Greenstone carpark (km2711) – Taipo hut (km2735)
The day dawned as another perfect day. We set out to finish our hitch to the trailhead and immediately got a ride from an empty tour bus. That is a first. The driver and guide were going up the Dart River and almost forgot to let us off at the intersection to the Greenstone. So we came close to hiking the Dart Valley instead, which I want to do, but at a later date. I’ve decided to postpone all the side trips until after I finish the TA. It is best to focus on one thing, for now. We got another quick ride to where the road turns off to the Routeburn. There we sat for quite awhile, as all the traffic was going the way of the more popular hike. It wasn’t a bad place to be stuck. After about 2 hours, we finally got a ride to Kinloch from a local man, Al. He gave us a great tip about an apple tree in town, so we were happy to detour to forage. They were some of the best apples I’ve had. Free and healthy local food, what a treat! It was nearly noon by then and we decided to just try walking the remaining 12 km on the road. As evidenced by our many hitches, it can be a struggle for TA walkers to get from Queenstown all the way around the lake to this remote trailhead. It couldn’t have been a more pleasant road to walk, at least, with more spectacular views across Lake Wakatipu. No wonder so many want to live in this region. It is just stunning.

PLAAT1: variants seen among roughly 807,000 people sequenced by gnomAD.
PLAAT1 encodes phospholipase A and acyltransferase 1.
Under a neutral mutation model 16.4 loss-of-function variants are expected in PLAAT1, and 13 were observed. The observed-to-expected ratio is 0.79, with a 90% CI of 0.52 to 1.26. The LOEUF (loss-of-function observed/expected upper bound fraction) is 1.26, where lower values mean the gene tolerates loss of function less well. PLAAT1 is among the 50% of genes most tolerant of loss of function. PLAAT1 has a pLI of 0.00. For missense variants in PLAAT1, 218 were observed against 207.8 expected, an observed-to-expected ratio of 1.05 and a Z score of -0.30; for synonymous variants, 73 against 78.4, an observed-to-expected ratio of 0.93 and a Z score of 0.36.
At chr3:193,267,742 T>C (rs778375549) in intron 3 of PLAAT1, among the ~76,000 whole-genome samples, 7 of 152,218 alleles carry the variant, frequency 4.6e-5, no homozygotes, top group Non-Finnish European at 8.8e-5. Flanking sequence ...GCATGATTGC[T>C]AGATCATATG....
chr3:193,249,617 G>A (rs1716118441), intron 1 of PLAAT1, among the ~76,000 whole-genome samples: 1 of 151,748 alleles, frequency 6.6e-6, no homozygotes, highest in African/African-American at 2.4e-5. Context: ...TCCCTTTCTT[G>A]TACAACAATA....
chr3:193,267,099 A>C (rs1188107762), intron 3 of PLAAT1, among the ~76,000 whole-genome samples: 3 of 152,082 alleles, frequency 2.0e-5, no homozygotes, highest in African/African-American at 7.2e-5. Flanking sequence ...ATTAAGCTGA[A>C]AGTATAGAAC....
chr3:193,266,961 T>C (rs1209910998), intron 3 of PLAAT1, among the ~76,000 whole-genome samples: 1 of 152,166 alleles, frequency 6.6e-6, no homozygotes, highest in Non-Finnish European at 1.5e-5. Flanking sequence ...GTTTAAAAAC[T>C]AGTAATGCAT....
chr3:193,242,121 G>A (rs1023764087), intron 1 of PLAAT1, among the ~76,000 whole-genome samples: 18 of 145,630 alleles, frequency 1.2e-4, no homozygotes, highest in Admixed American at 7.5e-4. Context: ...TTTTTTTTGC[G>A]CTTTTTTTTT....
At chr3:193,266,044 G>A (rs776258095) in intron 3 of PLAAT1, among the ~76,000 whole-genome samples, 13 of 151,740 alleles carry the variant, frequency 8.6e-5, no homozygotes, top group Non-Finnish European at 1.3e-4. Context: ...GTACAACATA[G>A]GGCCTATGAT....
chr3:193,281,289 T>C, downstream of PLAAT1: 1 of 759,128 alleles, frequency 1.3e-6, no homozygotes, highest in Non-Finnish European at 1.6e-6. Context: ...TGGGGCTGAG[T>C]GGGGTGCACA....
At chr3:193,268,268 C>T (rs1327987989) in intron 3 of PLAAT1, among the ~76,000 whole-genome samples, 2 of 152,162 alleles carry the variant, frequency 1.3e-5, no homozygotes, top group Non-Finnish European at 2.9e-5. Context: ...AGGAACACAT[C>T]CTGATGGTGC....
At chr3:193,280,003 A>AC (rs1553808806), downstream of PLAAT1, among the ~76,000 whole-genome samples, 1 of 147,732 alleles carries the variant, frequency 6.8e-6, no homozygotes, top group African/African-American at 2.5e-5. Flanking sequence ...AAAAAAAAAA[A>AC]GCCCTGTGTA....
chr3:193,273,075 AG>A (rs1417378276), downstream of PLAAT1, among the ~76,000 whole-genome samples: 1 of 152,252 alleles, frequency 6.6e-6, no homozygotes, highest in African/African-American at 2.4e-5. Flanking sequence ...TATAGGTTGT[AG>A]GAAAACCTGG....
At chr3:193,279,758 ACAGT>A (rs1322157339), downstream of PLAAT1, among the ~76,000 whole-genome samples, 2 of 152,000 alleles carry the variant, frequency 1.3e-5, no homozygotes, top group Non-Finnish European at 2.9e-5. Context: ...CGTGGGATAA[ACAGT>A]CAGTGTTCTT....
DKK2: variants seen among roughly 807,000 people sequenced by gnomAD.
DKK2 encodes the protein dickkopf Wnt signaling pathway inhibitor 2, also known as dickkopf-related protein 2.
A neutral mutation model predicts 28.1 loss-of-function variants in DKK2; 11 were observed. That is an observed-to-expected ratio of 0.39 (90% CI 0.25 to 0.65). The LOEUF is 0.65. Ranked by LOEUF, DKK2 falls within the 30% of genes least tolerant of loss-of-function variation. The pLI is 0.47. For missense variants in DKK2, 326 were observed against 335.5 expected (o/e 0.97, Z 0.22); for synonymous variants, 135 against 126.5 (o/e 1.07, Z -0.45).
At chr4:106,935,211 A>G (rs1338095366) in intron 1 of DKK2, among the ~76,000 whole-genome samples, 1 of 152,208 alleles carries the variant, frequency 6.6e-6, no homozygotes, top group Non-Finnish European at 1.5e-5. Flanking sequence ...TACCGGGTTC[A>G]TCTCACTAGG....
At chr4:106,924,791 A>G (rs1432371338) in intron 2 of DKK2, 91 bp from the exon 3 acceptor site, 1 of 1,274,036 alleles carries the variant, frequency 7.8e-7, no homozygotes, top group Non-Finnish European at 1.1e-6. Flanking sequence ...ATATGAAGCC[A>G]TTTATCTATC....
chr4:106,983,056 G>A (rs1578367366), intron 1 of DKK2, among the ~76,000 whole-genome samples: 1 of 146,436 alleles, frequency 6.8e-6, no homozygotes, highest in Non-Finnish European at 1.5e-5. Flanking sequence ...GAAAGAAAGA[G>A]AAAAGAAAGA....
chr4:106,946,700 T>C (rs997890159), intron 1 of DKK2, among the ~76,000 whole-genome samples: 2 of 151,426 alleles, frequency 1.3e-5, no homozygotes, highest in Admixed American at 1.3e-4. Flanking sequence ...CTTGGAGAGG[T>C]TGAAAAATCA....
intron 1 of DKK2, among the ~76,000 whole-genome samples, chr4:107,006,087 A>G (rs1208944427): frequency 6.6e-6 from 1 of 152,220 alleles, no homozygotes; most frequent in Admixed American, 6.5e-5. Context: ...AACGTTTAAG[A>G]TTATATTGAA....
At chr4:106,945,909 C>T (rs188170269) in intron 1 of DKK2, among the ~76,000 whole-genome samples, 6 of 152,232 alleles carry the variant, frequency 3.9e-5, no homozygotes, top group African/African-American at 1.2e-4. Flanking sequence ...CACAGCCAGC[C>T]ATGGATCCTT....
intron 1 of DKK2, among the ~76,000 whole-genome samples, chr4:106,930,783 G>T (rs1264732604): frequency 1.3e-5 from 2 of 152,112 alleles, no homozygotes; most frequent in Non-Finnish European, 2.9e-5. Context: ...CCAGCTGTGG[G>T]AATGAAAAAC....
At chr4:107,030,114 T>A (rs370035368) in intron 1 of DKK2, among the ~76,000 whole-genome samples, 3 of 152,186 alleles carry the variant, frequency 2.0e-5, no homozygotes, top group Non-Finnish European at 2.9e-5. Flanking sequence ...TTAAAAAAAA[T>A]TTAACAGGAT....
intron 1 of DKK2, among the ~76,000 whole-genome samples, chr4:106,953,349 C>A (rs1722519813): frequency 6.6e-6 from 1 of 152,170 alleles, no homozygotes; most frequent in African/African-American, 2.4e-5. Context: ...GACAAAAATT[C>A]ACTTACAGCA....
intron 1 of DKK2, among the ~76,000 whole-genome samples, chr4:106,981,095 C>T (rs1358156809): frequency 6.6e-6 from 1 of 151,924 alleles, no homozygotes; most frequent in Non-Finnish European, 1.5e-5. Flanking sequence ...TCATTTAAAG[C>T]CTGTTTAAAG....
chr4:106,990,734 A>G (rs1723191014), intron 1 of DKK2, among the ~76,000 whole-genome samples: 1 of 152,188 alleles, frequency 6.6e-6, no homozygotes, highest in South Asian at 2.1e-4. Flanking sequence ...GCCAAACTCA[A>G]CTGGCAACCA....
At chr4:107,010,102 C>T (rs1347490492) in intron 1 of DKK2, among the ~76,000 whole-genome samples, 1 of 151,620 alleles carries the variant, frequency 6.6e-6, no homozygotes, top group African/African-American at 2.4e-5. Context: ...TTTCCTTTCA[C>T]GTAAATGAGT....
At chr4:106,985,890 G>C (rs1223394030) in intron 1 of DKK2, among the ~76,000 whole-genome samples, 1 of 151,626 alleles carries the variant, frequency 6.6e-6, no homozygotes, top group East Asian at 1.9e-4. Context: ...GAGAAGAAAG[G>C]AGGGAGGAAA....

After about 5 kms of walking, a nice elderly Kiwi couple came along and gave us a ride the rest of the way. I was surprised to see that the trailhead was packed. Where were all these cars earlier? It was about 13:30 and we wanted to do 24 kms to our intended hut. Easy, right?
The trail to Greenstone hut was really easy. Wide and smooth. It was a nice break from the usual. The valleys were also nice. Even nicer, the hut was huge and modern. There were only 2 people staying there when we arrived at around 5 pm. Quite shocking being that it was a weekend and with all the cars at the trailhead. But we wanted to cover more distance.
It was another 10 kms to Taipo Hut and the trail became more difficult. There were the usual roots, mud and scrambles across creeks, but I’m so used to it all by now. I rather enjoyed the tougher terrain, as I love the challenge of thinking fast as to where to place each foot. Sometimes I envision myself as a little deer running silently through the woods. It’s a stretch but I do feel quite at home in this environment now.
The trail broke out into the valley to go through tussock and bog. Many abhor such terrain but it’s fun for me. I kind of just bounce off the tussock patches, threading a path through the head-high stuff. I love the way it feels against my skin and to be nearly immersed in it. And the spongy moss bog isn’t so bad when you don’t weigh much. It’s really soft to walk on and I barely got my feet wet.
It was great walking into the evening, with the sunset lighting up the surrounding hills. I got to the hut around 8 pm and met 2 NOBOs. Sarah was also there. It was a unique hut, with double-wide bunks and newly refurbished. There were mice though. One was boldly running around the packs while we cooked dinner and Ruslan accidentally stepped on it. Then there was one less mouse. Ooops.